Tag Archives: genre

When is a series not a series? And when is a genre not a genre? by Sheila Deeth

I typed “The End” a few days ago. The end of my next novel, Imaginary Numbers: The final scene, where I finally know whodunnit, when, how and why… and I wonder if I’ve rushed throu

gh the revelations too fast for the reader, because I was too eager to understand. I think I might conclude I’m not a mystery writer, but that’s all right; Imaginary Numbers isn’t really a mystery. It’s not really a romance either, though it’s protagonists might be falling in love. It’s not really drama, though it’s pretty dramatic when David reads his mother’s obituary while he’s talking to her on the phone. (My continued thanks to Pat Bertram, author of More Deaths Than One, already published by Indigo Sea, for letting me play with her premise.) It’s not really…

obituaries

Ugh! Why do I want to classify my book? They say it’s so it can go on the right shelf of the library (Why not an Indigo Sea shelf, or a Sheila Deeth one?), so Amazon customers can type in a few words to find it (Then list all the genres it fits instead of choosing one), or perhaps… just perhaps it’s to keep a tighter rein on my pen (or my typing fingers) so I don’t stray too far from the path, so I don’t lose the reader on the way.

Imaginary Numbers is set in the same small town as Divide by Zero, Infinite Sum and Subtraction (at least, a few short scenes of Subtraction). It stars some of the same bit-players. It’s part of the same Mathemafiction series, woven between the same events…

…and there I lost my way, because Imaginary Numbers is not about what happened in Divide by Zero; it doesn’t need to grow on the same patch of green, by the same paths, in the same park… It doesn’t need to slow down while other events take place, or crash into a wall while the author explains…

I have some very generous friends who’ve been reading my chapters as they grew. The last set I gave them were rejects — too much stuff about too many people who really didn’t matter to the story, events that really had no bearing on it, and ideas I only included because I was weaving, weaving, weaving the threads of those other books into places they didn’t belong…

…because I’d forgotten to classify my novel! It’s not a mystery or a romance. It’s not about Troy trying not to be his father, Sylvia recovering from abuse, or Andrew trying to believe there’s still good in the world; it’s not about what happened in Paradise Park; it’s about the other guy at the garage — the guy who read his mother’s obituary and found that nothing he believed was quite as it seemed, and wondered why.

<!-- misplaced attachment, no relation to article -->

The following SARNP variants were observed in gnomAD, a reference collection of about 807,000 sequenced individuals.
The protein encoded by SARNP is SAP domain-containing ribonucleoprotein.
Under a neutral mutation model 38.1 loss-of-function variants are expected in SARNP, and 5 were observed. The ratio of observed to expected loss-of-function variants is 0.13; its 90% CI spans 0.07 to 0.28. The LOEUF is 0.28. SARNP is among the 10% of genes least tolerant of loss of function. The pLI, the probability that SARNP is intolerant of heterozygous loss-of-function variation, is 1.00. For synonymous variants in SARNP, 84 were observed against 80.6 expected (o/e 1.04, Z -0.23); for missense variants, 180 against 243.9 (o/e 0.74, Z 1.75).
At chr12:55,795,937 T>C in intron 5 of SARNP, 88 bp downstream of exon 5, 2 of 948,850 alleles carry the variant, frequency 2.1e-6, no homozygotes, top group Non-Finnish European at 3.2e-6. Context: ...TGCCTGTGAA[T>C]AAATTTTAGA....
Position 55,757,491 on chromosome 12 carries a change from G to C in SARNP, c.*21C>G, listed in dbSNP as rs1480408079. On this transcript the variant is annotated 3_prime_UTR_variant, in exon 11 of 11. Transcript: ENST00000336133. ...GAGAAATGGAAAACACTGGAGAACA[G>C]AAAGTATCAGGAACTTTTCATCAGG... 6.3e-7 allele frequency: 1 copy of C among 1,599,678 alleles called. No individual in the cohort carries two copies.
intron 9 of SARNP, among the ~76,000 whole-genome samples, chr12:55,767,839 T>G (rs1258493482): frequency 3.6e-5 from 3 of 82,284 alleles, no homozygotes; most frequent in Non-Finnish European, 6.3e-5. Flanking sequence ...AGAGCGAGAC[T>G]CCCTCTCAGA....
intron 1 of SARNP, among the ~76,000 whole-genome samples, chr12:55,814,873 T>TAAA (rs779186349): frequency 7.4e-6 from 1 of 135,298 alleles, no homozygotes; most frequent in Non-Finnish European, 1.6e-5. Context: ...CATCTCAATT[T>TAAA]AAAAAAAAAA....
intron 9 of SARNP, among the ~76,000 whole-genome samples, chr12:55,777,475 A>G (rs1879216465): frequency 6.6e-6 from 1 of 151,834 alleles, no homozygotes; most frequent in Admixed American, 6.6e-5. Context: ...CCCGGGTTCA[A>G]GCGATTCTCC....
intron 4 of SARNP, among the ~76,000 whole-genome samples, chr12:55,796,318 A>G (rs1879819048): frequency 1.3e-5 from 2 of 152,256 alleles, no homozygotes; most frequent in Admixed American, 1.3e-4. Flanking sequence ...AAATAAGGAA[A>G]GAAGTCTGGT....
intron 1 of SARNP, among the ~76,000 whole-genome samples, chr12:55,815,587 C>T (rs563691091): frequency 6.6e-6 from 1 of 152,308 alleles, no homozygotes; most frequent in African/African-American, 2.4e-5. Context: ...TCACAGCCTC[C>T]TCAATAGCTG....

A writers’ job isn’t to tangle the stories together, not even if they’re part of a series; the writer’s task is to set them free. So I rewrote, teased threads apart, rewove, and typed “The End.” Next week my friends will see how the novel changed; I hope, perhaps, to please them. One day I’ll hope to please you too, but not till the story’s threads are separate and tight. Till then I’ll tend and mend it with the aid of great friends.

Thank you so, so much to my great critique partners: Jean, Judy and Karin! And thank you again to Pat Bertram for the story’s seed. I’m so thrilled I’ll really get to meet you soon!

Sheila Deeth is the author of Divide by Zero, Infinite Sum and Subtraction, all published by Indigo Sea Press. Pat Bertram is one of her first ever online friends, and the author of many wonderful books also published by Indigo Sea. Jean, Judy and Karin are members of the Writers’ Mill.

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Pets in Mysteries

Mystery books are the genre I enjoy reading and writing the most. Lately, I’ve noticed my stack of cozy mysteries has grown, many of which involve pets in some way. Cats and dogs, specifically. In pondering why this has been a factor in my reading, I’ve come to the conclusion I’ve been seeking somewhat lighter fare. Books with a good puzzle to solve, but that are considered more “comfort” reads, with a good resolution and happy ending.

The pets in recent and current readings have such attributes as being affectionate, loyal, curious, obedient or not, cute and even humorous. Some have that instinctive sense of good and evil and/or use their scent abilities. Some even help describe their owners’ traits or personalities.

Sometimes, animals in books are more family members than pets and as such, are involved in the plot more like actual characters. They often set the scene with their own cute antics to which readers can endearingly relate. Pets with acute instincts or sense of smell are more to my personal liking when it comes to animals involved in the mystery’s solution. I’m not really fond of talking animals in stories, but that’s just my preference.